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People vs.

Pomar (case digest)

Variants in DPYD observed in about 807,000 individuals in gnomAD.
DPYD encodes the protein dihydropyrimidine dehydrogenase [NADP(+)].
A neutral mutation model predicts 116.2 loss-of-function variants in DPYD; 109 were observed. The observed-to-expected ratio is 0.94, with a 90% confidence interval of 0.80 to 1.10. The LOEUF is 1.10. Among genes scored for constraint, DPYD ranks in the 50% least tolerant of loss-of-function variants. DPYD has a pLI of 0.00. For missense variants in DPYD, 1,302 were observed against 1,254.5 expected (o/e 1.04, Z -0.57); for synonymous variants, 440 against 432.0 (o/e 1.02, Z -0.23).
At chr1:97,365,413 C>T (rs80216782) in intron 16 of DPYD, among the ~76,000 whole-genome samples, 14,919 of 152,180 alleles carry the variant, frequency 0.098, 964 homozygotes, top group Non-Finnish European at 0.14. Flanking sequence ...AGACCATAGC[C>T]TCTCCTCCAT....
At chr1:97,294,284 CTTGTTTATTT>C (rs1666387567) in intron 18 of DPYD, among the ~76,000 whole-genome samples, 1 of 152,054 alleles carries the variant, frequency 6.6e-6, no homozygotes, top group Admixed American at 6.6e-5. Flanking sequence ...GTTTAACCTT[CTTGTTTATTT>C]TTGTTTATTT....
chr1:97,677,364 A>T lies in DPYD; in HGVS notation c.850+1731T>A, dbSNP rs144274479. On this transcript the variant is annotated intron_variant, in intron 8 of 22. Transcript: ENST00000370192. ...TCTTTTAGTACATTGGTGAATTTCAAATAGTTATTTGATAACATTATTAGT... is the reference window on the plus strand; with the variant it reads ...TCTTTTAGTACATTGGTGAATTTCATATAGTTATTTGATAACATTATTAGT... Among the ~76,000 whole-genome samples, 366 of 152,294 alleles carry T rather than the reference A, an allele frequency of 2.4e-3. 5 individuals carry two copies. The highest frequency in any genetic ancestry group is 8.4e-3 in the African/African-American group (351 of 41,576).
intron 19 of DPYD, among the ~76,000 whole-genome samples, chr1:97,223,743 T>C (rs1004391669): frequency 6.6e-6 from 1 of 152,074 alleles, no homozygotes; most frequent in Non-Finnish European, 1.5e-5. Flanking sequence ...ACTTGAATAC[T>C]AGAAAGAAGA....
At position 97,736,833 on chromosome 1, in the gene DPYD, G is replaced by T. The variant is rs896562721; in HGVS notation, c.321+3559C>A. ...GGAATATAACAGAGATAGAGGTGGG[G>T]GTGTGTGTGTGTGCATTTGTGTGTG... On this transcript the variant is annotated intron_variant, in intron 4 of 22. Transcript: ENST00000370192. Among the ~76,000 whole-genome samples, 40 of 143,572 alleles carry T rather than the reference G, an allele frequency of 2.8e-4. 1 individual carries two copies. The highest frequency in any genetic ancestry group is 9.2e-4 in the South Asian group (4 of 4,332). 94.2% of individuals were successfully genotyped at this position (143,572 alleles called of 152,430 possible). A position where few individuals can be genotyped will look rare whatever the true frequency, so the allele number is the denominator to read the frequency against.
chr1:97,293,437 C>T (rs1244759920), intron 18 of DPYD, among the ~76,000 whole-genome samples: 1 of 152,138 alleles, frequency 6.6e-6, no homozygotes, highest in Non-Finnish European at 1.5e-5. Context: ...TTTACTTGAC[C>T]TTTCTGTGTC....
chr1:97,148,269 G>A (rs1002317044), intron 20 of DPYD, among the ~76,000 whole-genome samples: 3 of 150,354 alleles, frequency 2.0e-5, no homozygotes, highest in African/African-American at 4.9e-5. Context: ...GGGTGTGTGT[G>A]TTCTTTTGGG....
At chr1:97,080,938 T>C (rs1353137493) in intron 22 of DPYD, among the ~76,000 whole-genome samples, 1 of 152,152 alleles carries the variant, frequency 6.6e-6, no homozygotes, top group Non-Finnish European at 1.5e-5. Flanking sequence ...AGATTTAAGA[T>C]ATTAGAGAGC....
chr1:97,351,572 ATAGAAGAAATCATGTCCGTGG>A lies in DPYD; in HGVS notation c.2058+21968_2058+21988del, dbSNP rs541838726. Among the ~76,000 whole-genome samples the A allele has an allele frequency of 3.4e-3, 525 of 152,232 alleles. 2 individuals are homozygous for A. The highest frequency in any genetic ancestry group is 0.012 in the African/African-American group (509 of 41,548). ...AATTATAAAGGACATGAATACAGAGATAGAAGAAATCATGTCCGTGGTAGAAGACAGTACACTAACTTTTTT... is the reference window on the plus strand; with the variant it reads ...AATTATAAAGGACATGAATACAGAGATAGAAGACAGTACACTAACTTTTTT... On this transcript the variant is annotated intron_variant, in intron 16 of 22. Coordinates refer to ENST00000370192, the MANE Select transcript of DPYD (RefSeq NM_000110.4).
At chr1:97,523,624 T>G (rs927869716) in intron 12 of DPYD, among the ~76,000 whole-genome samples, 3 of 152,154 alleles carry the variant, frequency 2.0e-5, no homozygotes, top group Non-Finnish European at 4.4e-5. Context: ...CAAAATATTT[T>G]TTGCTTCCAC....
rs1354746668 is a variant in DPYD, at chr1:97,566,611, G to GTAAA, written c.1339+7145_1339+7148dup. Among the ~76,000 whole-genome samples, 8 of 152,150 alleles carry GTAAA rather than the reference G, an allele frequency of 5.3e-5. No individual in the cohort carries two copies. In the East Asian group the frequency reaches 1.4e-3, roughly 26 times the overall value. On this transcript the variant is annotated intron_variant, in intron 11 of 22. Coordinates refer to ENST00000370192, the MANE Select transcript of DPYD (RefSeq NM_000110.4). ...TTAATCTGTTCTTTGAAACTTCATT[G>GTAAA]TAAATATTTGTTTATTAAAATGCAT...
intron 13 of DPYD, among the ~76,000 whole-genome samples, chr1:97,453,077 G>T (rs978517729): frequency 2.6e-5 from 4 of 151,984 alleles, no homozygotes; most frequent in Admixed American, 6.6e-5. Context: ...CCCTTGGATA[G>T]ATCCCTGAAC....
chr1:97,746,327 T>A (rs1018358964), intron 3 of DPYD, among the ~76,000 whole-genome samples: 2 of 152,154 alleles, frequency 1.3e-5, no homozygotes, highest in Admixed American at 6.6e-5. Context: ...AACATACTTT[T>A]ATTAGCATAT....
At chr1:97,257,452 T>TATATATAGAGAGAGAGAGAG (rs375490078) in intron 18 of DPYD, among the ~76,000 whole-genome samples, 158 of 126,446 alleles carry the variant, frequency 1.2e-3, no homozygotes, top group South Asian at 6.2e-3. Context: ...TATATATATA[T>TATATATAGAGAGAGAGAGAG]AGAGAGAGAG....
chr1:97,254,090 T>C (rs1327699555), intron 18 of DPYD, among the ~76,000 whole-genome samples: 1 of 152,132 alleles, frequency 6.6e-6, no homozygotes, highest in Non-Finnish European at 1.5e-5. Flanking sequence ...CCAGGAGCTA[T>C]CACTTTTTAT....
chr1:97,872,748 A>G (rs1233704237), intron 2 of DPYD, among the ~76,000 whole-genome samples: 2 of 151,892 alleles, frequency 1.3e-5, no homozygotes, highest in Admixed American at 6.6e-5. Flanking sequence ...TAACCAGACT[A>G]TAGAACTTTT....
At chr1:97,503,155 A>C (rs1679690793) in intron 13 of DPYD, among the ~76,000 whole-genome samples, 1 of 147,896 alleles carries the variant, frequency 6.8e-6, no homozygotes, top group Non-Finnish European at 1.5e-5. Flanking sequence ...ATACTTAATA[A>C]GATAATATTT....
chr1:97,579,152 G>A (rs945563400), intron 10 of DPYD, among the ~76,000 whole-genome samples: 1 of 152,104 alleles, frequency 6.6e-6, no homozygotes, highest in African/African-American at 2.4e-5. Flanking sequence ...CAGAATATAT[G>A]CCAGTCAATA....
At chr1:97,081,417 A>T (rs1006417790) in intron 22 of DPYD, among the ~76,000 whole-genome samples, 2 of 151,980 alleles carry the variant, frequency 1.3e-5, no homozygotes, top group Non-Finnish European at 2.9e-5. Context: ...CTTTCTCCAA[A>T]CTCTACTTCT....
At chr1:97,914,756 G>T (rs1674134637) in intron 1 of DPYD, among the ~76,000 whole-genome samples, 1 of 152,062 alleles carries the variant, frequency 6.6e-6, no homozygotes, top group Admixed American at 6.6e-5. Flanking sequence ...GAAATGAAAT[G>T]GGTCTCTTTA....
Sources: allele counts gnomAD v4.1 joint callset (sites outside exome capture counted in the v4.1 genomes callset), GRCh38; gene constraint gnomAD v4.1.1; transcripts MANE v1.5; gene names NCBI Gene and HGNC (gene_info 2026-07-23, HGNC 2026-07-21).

46 Phil 440 FACTS: Julio Pomar, the manager and person - in charge of La Flor de la Isabela, a tobacco factory pertaining to La Campania General de Tabacos de Filipinas, a corporation duly authorized to transact business in Manila, employed Macaria Fajardo as cigar maker. She was granted a vacation leave beginning July 16, 1923 by reason of pregnancy. On October 26, 1923 a case was filed against defendant Pomar for failing to pay Fajardo her regular wages corresponding to 30 days before and 30 days after her delivery and confinement, in accordance with the provision of Act. 3071 which states that; Section 13 - Every person, firm or corporation owning or managing a factory, shop or place of labor of any description shall be obliged to grant to any woman employed by it as laborer who may be pregnant, thirty days vacation with pay before and another thirty days after confinement: Provided, That the employer shall not discharge such laborer without just cause, under the penalty of being required to pay to her wages equivalent to the total of two months counted from the day of her discharge.. The judge found the defendant guilty of the alleged offense. From that sentence, the defendant appealed contending that his act did not constitute any offense because such provision of the Act No. 3071 is unconstitutional. ISSUE: Whether or not Act No. 3071 is unconstitutional HELD: Yes, Act No. 3071 is unconstitutional. Such Act violates the right to enter into a lawful contract. The right to enter into lawful contracts constitutes one of the liberties provided by the constitution for the people of the State. Being such a right, it should not therefore be arbitrarily interfered with. Even though it has been contended that Act No. 3071 is within the police power of the State, such power cannot be exercised in violation to the Constitution which is the fundamental and supreme law of the land. November 3, 1924

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